MESSENGER Water-Ice Data Exploration
Despite the fact that Mercury is the closest planet to our Sun, it has long been postulated that water ice could be stable in cold, permanently shadowed regions of the north and south poles. About 20 years ago, Earth-based observations of Mercury revealed bright spots in radar data, which we call "radar-bright regions". When these data were compared with images from the Mariner 10 spacecraft, which flew by Mercury in the mid-1970’s, one could see that the radar-bright deposits were within impact craters. Yet, until the MESSENGER spacecraft began its comprehensive campaign to figure out exactly what these polar deposits might be, the question of their composition remained unanswered. Now it is your turn to mimic the scientific process, in which data from various instruments have helped to answer one of the questions guiding this mission: What are the unusual materials at Mercury’s poles?
Below are several data sets collected over time for Mercury, from the Arecibo Observatory in Puerto Rico ("radar-bright" data), Mariner 10 fly-by data, and MESSENGER orbital data. You can print the indidvidual data layers on transparency paper (NOTE: choose "fit to page" when printing!). Once printed, these transparencies can be layered to show how the story of water-ice on Mercury unfolded in small chapters over decades.
- The Mariner 10 spacecraft flew by Mercury 3 times in 1974 and 1975, capturing these images of the north polar region: Mariner 10 flyby images.
- Radio astronomers from the Arecibo Observatory captured this Earth-based data revealing Mercury has radar-bright materials at its poles. These materials have radar characteristics that are best matched elsewhere in the solar system by water ice: radar-bright materials shown in red, radar-bright materials shown in black. (NOTE: depending on the order in which you layer the data, one color might stand out better than the other.)
- During the 6.5 year journey from Earth to orbit about Mercury, the MESSENGER spacecraft flew past Mercury 3 times. During these flybys the spacecraft was near the equator, so only some of the north polar region was photographed: Mariner 10 and MESSENGER flyby images.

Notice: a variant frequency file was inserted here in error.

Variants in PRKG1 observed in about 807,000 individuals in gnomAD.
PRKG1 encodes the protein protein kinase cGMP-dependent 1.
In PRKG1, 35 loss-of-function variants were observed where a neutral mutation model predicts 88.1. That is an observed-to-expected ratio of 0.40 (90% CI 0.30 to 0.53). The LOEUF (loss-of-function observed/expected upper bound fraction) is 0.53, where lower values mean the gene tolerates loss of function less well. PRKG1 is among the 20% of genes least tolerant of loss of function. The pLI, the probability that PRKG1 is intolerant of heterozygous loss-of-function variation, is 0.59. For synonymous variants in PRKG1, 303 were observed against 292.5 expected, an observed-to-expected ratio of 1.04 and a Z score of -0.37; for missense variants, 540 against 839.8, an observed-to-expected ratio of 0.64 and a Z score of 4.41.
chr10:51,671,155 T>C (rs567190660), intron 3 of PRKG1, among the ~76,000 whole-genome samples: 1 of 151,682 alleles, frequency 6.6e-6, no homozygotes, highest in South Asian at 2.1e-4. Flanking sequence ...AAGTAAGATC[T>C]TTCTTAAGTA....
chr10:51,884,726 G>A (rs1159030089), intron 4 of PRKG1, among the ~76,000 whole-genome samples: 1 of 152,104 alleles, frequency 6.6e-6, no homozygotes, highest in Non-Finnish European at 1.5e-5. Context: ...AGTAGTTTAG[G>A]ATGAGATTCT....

- On March 18, 2011, MESSENGER became the first spacecraft to orbit Mercury! With that remarkable feat came mountains of data, including imaging coverage of 100% of the planet: MESSENGER orbital images.
- Along with spectacular images of Mercury, MESSENGER collects data from several other instruments, including the Mercury Laser Altimeter (MLA). The MLA instrument maps the surface of Mercury, producing a topographic map: MLA topography data.
- The Mercury Laser Altimeter also measures the reflectance of the planet’s surface materials. Red areas in the reflectance data indicate areas where materials are 2-3 times more reflective (or brighter) than the background surface of Mercury: MLA reflectance data.
- Two tools that might help you get your bearings on Mercury’s north polar region are: north pole coordinate grid, crater names.
About the MESSENGER Education and Public Outreach website
In developing this site, educators, scientists, and engineers are working together to bring the exciting science of MESSENGER to everyone. Here you will find a wealth of resources about the planet Mercury and about the MESSENGER mission. If you are a student or teacher make sure you check out the special sections containing educational materials and opportunities.
The MESSENGER Education and Public Outreach Team
The MESSENGER education and public outreach program is conducted by a dedicated team of individuals and organizations with a long track record in space science education in both formal (classroom) and informal (museum and science center) settings. Read about the partner organizations here and meet the team that makes it all happen here.